Beyond this noted exception, the intent of the application of the rule is absolute. To be clear, the proposed rule suggests that any application of a non-compete, beyond the noted exception, is to be abolished. Within the language of the proposed rule, there is no reference to the various forms of application of non-compete language such as time of hire, time of position change, termination or resolution. Instead, the proposed rule broadly defines the parties protected by the rule. It suggests that other clauses will not be affected by the rule, however, it also applies a functional test which can provide a basis to strike down any clause that includes non-compete language or intent. In so doing, the proposed rule does not outline all possible prohibitions, but rather it makes clear that if the exception does not apply, any non-compete language should be banned or rescinded.
According to the FTC, the proposed rule seeks to promote “innovation and healthy competition.” The FTC maintains that the use of non-compete language significantly restricts mobility and suppresses wages. In short, non-competes limit competition. They prevent new companies from competing in the market because they inhibit their ability to attract skilled, qualified candidates. That is the position of the FTC.
At present, the proposed rule has been offered for public comment. It is neither finalized nor formally published. We encourage employers to familiarize themselves with the rule and its potential impact on their business relationships and protections should it be finalized and enforced as written. Employers should seize the opportunity to voice opinions, concerns, and constructive comments. The FTC has provided an opportunity for address. Comments may be submitted to www.ftc.gov.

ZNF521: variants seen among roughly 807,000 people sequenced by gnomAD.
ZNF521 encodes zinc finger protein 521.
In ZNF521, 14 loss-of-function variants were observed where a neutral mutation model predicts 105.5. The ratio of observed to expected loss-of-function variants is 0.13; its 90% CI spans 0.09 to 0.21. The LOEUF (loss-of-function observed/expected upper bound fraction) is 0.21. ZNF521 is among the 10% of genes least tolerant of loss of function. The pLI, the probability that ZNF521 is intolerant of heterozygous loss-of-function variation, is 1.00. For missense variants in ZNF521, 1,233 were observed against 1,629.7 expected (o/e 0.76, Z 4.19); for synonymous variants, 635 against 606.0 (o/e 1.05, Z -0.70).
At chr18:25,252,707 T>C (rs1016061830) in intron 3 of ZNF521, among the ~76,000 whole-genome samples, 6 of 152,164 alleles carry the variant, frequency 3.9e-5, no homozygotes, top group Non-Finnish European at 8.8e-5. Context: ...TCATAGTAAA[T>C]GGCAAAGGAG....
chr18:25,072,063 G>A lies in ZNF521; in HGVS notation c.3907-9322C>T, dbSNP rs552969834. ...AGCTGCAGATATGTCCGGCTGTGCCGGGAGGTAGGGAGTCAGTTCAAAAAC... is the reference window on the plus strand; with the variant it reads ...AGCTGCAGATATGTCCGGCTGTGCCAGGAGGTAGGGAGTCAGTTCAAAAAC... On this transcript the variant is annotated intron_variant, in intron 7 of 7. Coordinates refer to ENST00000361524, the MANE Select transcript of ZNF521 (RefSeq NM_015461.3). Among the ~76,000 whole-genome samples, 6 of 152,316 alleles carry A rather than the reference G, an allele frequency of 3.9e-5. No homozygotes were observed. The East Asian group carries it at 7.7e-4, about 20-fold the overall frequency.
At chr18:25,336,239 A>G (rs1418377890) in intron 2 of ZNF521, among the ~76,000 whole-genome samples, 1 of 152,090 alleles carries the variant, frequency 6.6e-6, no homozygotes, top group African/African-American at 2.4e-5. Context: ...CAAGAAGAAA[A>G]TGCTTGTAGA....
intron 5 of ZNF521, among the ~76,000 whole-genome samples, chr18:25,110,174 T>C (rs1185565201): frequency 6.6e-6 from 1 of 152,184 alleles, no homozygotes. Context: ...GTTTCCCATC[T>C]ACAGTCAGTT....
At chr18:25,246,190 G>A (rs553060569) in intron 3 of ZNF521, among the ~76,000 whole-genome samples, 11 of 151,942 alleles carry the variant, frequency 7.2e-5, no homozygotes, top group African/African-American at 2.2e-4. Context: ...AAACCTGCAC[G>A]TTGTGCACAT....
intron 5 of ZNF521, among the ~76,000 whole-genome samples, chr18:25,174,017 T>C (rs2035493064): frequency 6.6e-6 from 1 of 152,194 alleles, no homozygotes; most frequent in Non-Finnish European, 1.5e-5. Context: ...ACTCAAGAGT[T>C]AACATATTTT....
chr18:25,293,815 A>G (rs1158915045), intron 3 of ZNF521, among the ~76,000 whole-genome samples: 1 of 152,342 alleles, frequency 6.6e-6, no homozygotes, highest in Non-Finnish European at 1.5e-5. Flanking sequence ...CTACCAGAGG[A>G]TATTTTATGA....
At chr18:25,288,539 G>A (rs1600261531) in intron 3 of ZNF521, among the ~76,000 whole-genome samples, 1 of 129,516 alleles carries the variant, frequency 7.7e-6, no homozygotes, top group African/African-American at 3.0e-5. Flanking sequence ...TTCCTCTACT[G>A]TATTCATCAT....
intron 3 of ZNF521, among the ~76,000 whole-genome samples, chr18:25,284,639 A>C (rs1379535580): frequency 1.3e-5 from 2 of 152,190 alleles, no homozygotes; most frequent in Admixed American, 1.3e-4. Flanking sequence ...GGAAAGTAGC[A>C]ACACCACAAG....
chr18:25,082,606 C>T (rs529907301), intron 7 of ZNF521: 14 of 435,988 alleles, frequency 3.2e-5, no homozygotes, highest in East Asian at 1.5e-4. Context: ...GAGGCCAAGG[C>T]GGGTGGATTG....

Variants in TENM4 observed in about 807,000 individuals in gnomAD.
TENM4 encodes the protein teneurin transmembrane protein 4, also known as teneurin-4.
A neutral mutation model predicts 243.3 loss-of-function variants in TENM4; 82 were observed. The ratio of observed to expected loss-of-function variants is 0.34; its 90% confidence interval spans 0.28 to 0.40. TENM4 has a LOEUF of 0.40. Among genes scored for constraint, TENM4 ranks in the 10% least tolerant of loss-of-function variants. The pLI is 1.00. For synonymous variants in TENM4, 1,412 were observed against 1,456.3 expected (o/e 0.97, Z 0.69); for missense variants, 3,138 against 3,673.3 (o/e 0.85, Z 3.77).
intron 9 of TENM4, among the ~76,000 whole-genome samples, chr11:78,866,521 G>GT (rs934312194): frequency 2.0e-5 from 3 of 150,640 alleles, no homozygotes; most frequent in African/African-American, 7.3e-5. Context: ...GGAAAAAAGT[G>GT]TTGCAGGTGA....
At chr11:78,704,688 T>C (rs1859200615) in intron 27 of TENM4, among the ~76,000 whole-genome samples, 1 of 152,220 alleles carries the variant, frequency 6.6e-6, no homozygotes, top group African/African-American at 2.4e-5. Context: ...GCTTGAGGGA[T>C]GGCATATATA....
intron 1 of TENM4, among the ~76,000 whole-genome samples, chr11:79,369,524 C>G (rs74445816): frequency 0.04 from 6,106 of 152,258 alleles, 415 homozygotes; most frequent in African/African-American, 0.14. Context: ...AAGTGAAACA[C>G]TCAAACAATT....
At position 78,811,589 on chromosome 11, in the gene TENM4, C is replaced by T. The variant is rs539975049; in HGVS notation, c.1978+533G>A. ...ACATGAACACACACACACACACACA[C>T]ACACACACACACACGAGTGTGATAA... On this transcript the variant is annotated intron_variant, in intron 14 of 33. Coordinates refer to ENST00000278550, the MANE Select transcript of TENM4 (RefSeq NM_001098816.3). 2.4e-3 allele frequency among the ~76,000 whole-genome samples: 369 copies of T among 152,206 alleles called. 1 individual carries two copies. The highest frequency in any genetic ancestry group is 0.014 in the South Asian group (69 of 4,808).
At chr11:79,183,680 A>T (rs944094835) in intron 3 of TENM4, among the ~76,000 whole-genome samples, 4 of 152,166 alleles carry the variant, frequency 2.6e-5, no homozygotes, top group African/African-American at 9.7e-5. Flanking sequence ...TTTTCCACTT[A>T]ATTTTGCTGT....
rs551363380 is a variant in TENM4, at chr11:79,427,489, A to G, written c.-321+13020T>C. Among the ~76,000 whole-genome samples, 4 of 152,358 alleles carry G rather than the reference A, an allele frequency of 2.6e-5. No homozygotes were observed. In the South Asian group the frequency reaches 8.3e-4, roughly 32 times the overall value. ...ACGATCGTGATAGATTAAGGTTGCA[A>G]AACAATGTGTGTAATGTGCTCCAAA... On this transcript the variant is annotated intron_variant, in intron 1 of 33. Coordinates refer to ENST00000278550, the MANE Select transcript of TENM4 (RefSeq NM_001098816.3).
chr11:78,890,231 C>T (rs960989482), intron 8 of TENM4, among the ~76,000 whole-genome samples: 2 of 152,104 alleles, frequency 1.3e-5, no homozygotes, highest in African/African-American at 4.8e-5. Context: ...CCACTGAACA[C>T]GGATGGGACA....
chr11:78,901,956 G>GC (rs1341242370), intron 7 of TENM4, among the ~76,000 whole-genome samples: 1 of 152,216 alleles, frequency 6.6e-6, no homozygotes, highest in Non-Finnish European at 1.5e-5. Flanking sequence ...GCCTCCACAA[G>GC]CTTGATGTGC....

Although it is not finalized, the FTC is using their self-perceived authority under Section 5 of the FTCA to review employment practices. They have already brought claims against several large employers. We expect both the proposed rule, and the enforcement authority, may be legally challenged. For now, employers with non-compete clauses may consider modification of their policies and practices. Employers may also consider exploring alternatives to non-competes that provide similar protection of company information and relationships that are not subject to the restrictions of the rule.
If you would like to discuss this proposed rule and its potential impact on existing restrictive covenants, please feel free to contact Jim Devine, Esq. at email@example.com or 1-888-488-2638.
The information in this article is provided for general informational purposes only and may not reflect the current law in your jurisdiction. By reading this article, you understand that there is no attorney-client relationship between you and Cipriani & Werner, P.C., or any of our attorneys. No information contained in this article should be construed as legal advice from Cipriani & Werner, P.C. or the individual authors.